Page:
If you had a power bank for a long time, you might have noticed that there’s a difference between the rated battery capacity and the real charge transferred to a device.
The rated battery capacity is the capacity of the internal batteries, while the real capacity is the capacity of charge that the power bank is able to transfer.
That may sound confusing but isn’t. This post will explain everything you need to know about the difference between these two, why this happens, and how to calculate the real capacity of a power bank. Let’s dig in.
Battery Capacity and Voltage Rating
Most power banks have lithium-ion (Li-Ion) or lithium-polymer (Li-Po) batteries and electronic circuits. These batteries use cells with a voltage of 3.7V. There are other types of lithium batteries that come with different voltages such as 3.6V, 3.8V.
The lithium batteries may be made of one cell or multiple cells. If the battery is made of a single cell then the voltage rate will be the same as that cell. If the lithium battery is made of multiple cells then the voltage rate will be based on the configuration that is used to connect cells together. However, most of the times power banks come with lithium batteries of 3.7V.
So, when manufacturers calculate the capacity of a power bank they use a voltage of 3.7V. The rated/advertised battery capacity is based on a voltage of 3.7V. But, the power bank won’t be able to output 100% of its capacity. Here’s why.
The reason why the real capacity of a power bank is different from the rated capacity is the voltage conversion.
Power banks use a USB-C port to charge other devices, these ports have a voltage of 5V and not 3.7V. So, when the 3.7V is converted to 5V the capacity of the power bank drops. To calculate the exact capacity of a power bank with a 5V output, you can use this formula:
Capacity with 5V= 3.7V x (Advertised Capacity) / 5V
Let’s use the same formula for a 10000 mAh power bank:
Capacity with 5V = 3.7V x 10000mAh / 5V = 7400mAh
This formula calculates the real capacity of a power bank at 5V without power loss. But, there will always be power loss when the voltage increases.
The above formula calculates the stored capacity of a power bank at 5V but without power loss. However, the output power of a power bank is always going to be lower than the stored power because of the power loss when the voltage is raised.
The amount of power loss depends on these things:
- The Battery Quality – The quality of the battery is important. If you have a low-quality the power loss will be higher after a few charging cycles. The battery will output less power over time.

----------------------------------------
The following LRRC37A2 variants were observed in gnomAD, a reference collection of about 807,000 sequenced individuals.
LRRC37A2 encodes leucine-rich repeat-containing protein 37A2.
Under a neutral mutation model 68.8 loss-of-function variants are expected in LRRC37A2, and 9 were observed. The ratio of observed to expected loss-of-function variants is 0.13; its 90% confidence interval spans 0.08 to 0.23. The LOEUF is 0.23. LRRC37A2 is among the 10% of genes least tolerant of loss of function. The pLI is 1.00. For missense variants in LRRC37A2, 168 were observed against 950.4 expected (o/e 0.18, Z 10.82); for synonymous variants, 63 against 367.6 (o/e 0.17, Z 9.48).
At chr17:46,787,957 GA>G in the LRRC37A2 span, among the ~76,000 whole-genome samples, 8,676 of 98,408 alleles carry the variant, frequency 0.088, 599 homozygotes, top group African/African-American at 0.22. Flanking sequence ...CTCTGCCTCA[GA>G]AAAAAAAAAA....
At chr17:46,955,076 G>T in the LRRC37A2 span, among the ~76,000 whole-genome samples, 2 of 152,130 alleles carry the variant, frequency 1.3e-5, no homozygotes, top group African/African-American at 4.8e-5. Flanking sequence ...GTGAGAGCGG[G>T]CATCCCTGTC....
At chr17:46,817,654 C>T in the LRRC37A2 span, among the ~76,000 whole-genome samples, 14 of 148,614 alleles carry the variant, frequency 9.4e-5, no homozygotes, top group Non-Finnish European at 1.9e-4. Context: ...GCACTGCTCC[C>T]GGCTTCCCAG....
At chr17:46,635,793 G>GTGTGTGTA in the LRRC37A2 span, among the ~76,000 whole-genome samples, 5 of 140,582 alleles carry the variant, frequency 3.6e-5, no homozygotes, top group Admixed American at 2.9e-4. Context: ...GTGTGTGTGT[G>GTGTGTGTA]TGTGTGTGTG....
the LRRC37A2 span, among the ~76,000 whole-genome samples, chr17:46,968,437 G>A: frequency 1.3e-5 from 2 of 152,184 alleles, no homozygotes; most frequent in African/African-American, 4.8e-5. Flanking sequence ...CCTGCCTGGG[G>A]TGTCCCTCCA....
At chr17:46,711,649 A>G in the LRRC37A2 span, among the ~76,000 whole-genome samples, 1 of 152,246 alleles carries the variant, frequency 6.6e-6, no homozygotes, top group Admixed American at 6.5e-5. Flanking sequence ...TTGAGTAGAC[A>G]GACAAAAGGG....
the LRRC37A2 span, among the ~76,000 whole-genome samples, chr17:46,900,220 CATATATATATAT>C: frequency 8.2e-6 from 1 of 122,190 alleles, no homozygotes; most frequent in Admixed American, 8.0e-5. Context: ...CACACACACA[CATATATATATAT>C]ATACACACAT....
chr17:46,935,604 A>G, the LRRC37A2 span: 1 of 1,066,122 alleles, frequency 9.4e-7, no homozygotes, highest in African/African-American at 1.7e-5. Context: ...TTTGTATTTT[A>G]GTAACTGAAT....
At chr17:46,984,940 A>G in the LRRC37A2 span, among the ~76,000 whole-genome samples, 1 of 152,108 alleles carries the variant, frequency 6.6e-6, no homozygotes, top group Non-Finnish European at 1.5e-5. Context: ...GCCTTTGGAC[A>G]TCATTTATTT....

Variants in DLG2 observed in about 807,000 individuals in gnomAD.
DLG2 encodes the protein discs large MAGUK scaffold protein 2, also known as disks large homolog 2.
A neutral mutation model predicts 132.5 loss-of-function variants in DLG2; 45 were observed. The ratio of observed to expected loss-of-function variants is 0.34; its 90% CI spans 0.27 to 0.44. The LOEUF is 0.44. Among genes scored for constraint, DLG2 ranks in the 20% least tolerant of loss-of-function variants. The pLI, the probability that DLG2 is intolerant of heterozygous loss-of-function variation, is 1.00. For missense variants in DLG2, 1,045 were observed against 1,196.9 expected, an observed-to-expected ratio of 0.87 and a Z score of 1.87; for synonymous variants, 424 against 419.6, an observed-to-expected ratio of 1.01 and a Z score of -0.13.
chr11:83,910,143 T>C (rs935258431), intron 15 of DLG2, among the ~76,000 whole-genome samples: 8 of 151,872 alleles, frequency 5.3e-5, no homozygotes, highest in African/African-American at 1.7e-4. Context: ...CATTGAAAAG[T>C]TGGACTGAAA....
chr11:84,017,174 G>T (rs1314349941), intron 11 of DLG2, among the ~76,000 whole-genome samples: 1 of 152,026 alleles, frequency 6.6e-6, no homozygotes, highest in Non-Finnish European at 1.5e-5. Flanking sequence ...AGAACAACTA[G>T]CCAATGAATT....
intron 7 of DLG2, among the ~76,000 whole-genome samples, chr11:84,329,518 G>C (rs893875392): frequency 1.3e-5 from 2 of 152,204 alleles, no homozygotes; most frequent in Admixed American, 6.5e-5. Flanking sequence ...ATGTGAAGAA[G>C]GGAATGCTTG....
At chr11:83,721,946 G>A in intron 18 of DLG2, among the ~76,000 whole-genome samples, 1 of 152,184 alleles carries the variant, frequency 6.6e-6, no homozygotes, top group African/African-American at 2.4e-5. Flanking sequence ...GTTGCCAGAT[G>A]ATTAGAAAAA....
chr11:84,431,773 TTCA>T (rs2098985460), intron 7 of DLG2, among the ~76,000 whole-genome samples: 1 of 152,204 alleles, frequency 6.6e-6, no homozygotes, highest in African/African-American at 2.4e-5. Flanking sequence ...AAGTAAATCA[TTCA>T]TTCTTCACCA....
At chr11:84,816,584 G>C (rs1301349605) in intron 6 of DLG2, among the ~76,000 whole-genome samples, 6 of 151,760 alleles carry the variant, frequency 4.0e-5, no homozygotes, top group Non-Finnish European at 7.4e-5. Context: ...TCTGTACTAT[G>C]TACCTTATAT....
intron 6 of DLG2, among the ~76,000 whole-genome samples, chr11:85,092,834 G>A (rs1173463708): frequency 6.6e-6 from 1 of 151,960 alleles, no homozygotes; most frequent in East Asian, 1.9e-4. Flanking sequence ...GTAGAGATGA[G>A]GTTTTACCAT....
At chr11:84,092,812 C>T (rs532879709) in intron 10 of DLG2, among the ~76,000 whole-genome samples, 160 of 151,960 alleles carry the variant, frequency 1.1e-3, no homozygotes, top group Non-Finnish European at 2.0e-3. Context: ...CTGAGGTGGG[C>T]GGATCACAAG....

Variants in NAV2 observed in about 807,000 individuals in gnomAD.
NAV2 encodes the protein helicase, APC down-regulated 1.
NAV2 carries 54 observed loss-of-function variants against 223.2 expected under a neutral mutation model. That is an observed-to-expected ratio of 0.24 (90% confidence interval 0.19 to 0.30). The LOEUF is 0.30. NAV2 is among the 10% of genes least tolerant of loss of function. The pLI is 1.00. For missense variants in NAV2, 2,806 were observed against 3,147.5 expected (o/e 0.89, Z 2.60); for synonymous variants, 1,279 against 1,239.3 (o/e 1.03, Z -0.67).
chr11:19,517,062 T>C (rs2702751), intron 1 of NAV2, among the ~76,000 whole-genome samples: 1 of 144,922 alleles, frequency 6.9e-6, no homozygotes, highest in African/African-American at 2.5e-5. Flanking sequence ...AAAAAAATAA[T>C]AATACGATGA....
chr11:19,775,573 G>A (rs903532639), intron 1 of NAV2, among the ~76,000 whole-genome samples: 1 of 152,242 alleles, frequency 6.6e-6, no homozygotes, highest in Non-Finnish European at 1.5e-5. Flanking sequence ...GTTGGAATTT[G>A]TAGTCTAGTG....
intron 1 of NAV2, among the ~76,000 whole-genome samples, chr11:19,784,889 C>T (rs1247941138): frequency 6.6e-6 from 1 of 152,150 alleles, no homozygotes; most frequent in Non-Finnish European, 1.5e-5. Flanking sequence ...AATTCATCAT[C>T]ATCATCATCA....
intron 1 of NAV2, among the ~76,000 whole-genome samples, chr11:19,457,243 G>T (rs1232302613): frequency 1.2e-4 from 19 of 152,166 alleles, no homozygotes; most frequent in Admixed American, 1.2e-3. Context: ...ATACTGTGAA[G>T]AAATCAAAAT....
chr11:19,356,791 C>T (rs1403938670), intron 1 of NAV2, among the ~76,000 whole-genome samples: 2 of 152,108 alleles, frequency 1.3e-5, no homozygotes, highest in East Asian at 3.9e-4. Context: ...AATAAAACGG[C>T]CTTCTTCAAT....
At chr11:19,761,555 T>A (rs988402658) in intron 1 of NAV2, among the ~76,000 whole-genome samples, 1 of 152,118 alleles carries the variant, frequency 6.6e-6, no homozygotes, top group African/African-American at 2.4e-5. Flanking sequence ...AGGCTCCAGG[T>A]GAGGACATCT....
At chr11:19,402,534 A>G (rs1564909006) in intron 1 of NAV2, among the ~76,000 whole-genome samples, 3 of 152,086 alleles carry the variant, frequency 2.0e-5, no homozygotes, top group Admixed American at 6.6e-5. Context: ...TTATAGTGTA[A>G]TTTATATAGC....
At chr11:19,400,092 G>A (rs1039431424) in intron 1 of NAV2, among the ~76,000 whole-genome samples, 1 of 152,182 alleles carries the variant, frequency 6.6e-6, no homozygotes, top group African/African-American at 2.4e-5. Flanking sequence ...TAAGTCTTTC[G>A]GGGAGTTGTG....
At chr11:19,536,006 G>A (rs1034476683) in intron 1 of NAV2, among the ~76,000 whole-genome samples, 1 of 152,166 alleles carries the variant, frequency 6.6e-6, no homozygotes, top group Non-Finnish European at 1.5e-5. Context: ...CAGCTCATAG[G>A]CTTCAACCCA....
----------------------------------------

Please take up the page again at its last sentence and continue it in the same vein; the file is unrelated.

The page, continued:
- The Electronic Circuit – Because of the voltage conversation, a certain amount of power will be lost in a form of heat. If the electronic circuit is low-quality the amount of power loss will be higher.
- The Battery Age – The more you use a power bank the weaker the battery gets. Old batteries that have surpassed their charging cycles will have a higher power loss than new batteries.
- Storage – The power will be lost in a form of heat. If you are using a power bank in a high-temperature environment then the efficiency rate will drop. That means the power bank will lose more power trying to convert the voltage. It’s best to use a power bank in a cool temperature area.
Therefore, the real battery capacity depends on the quality of your power bank. The better the power bank, the less power is lost during the voltage conversation, this is also called efficiency rating.
The higher the efficiency rate the better. The average efficiency rate of a power bank is 85%. High-quality power banks have a higher efficiency rate than 85%, while low-quality ones have a lower efficiency rate than 85%.
How to Calculate the Actual Capacity?
We have seen that the actual capacity of a power bank depends on the voltage conversion and efficiency rate. So, here’s a formula to calculate the real capacity of a power bank:
Actual capacity = 3.7V x Advertised Capacity x efficiency Rate / 5V
Let’s take a 10000mAh power bank and see its real capacity with a 85% efficiency rate:
Actual Capacity = 3.7V x 10000mAh x 0.85 / 5V = 6882mAh
So, a 10000mAh power bank that has an efficiency rate of 85% has an actual capacity of 8705mAh. 1295mAh has been lost during the voltage conversion and heat.
If you want more methods, check our post on how to calculate the real capacity of a power bank.
What Does Rated Capacity Mean?
Most power banks don’t come with a rated capacity. But, some manufacturers are starting to include it. So, what does it mean?
The rated capacity means that the power bank will be able to at least supply the rated capacity when using one or more USB ports.
So, if a 10000mAh power bank comes with a rated capacity of 6000mAh, it means that it will be able to at least supply 6000mAh.
As you can see, the real capacity of the power bank depends on a lot of things. Manufacturers won’t be able to know the real capacity of a power bank so instead, they show only the internal battery capacity.